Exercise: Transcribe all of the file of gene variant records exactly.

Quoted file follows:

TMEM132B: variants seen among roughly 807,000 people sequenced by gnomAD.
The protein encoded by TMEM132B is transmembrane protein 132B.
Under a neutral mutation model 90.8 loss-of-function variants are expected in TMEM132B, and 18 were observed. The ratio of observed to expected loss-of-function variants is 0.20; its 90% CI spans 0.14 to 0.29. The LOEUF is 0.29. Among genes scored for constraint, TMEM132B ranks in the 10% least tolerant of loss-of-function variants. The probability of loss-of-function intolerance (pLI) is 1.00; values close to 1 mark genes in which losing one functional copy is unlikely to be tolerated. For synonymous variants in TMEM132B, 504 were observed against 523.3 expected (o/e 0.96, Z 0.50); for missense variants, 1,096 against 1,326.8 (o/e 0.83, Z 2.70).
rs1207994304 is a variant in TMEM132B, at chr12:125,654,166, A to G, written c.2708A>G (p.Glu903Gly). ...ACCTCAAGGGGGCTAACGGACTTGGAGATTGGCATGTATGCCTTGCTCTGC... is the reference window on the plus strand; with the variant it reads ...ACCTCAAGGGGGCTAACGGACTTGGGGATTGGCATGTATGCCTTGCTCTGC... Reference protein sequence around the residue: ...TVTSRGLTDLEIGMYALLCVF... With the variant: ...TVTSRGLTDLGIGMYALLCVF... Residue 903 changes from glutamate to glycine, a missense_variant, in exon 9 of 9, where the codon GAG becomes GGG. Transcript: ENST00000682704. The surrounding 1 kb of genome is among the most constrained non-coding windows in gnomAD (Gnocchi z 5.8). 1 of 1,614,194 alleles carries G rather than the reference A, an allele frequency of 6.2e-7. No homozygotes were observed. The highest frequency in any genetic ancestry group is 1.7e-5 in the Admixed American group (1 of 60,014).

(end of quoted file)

TMEM132B: variants seen among roughly 807,000 people sequenced by gnomAD.
The protein encoded by TMEM132B is transmembrane protein 132B.
Under a neutral mutation model 90.8 loss-of-function variants are expected in TMEM132B, and 18 were observed. The ratio of observed to expected loss-of-function variants is 0.20; its 90% CI spans 0.14 to 0.29. The LOEUF is 0.29. Among genes scored for constraint, TMEM132B ranks in the 10% least tolerant of loss-of-function variants. The probability of loss-of-function intolerance (pLI) is 1.00; values close to 1 mark genes in which losing one functional copy is unlikely to be tolerated. For synonymous variants in TMEM132B, 504 were observed against 523.3 expected (o/e 0.96, Z 0.50); for missense variants, 1,096 against 1,326.8 (o/e 0.83, Z 2.70).
rs1207994304 is a variant in TMEM132B, at chr12:125,654,166, A to G, written c.2708A>G (p.Glu903Gly). ...ACCTCAAGGGGGCTAACGGACTTGGAGATTGGCATGTATGCCTTGCTCTGC... is the reference window on the plus strand; with the variant it reads ...ACCTCAAGGGGGCTAACGGACTTGGGGATTGGCATGTATGCCTTGCTCTGC... Reference protein sequence around the residue: ...TVTSRGLTDLEIGMYALLCVF... With the variant: ...TVTSRGLTDLGIGMYALLCVF... Residue 903 changes from glutamate to glycine, a missense_variant, in exon 9 of 9, where the codon GAG becomes GGG. Transcript: ENST00000682704. The surrounding 1 kb of genome is among the most constrained non-coding windows in gnomAD (Gnocchi z 5.8). 1 of 1,614,194 alleles carries G rather than the reference A, an allele frequency of 6.2e-7. No homozygotes were observed. The highest frequency in any genetic ancestry group is 1.7e-5 in the Admixed American group (1 of 60,014).